9 December 2009

We'll need sailing vessels (repost)

Originally posted on 9 April 2007.

"If we want to make it to the future, we'll need sailing vessels" writes Dmitry Orlov of Boston, Massachusetts in the second of a trio of can-do environmental citizenship stories from Orion Magazine's new department Making Other Arrangements.

By "make it to the future", Orlov means maintenance of a functional civilisation in an environmentally sustainable future. Sailboats will figure heavily, Orlov argues, and in doing so he reminds us that a 21st Century Beagle should fly the flag for more than just science.

"Sailors and their ships run on food and water and wind—all renewable" writes Orlov. "Sailboats can be made from renewable materials as well: wood, hemp, flax, and pitch ... the trends that will once again make sailing a viable form of transportation are already in place."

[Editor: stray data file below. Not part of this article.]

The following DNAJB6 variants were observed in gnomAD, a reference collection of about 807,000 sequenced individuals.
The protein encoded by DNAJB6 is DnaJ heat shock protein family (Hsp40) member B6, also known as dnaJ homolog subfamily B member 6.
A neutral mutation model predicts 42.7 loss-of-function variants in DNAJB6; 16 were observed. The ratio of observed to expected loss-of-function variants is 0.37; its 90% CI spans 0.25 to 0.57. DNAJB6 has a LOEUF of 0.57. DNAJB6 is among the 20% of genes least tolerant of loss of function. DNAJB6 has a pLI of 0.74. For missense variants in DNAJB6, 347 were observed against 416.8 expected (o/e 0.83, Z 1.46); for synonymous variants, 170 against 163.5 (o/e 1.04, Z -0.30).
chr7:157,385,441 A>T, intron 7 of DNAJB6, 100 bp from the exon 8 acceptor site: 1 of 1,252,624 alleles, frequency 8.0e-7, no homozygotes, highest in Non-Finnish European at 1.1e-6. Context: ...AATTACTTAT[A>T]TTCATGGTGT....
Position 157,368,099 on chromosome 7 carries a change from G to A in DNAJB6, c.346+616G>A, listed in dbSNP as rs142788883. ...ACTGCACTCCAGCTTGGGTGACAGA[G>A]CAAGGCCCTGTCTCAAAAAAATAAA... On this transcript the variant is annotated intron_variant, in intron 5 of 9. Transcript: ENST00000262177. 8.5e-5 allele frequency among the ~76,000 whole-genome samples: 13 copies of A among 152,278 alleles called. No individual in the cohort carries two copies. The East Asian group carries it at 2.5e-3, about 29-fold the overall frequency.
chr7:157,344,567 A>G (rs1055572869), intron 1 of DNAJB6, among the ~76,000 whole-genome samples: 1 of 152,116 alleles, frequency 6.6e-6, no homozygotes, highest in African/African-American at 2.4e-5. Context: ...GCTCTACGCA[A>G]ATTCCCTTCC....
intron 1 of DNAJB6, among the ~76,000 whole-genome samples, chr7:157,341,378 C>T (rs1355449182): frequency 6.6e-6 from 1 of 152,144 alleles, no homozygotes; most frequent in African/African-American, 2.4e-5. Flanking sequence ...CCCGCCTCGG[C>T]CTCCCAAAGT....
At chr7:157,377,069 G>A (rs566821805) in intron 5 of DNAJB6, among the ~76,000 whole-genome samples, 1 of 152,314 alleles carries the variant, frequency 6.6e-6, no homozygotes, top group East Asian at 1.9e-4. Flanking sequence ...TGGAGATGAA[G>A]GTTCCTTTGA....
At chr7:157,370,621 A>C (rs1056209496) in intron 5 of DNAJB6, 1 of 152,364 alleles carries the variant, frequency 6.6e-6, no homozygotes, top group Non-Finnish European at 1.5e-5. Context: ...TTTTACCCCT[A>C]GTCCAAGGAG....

Always a rich source of segues, Orion this month offers up yet another Beagle aim. In "Leave No Child Inside" (for those who understandably tune out American politics, this is a play on George Bush's No Child Left Behind strategy that many argue leaves plenty of children behind), Richard Louv paints an achingly appealing picture of a future in which children and nature are reconnected as a central function of education.

"Such a future is embodied in the nature-themed schools that have begun sprouting up nationwide," writes Louv, "like the Schlitz Audubon Nature Center Preschool, where, as the Milwaukee Journal Sentinel reported in April 2006 'a 4-year-old can tell the difference between squirrel and rabbit tracks—even if he can’t yet read any of the writing on a map.'"

And so should be the Beagle: a floating nature-themed school that gets youngsters outside and fosters their native intelligence of nature amongst other virtues. And on these I'll give Orlov the last word: "The culture of sailing is rich, ancient, and largely intact. It is also a culture that fosters competence, fitness, self-reliance, and courage, which are all sadly missing from the world we see around us."

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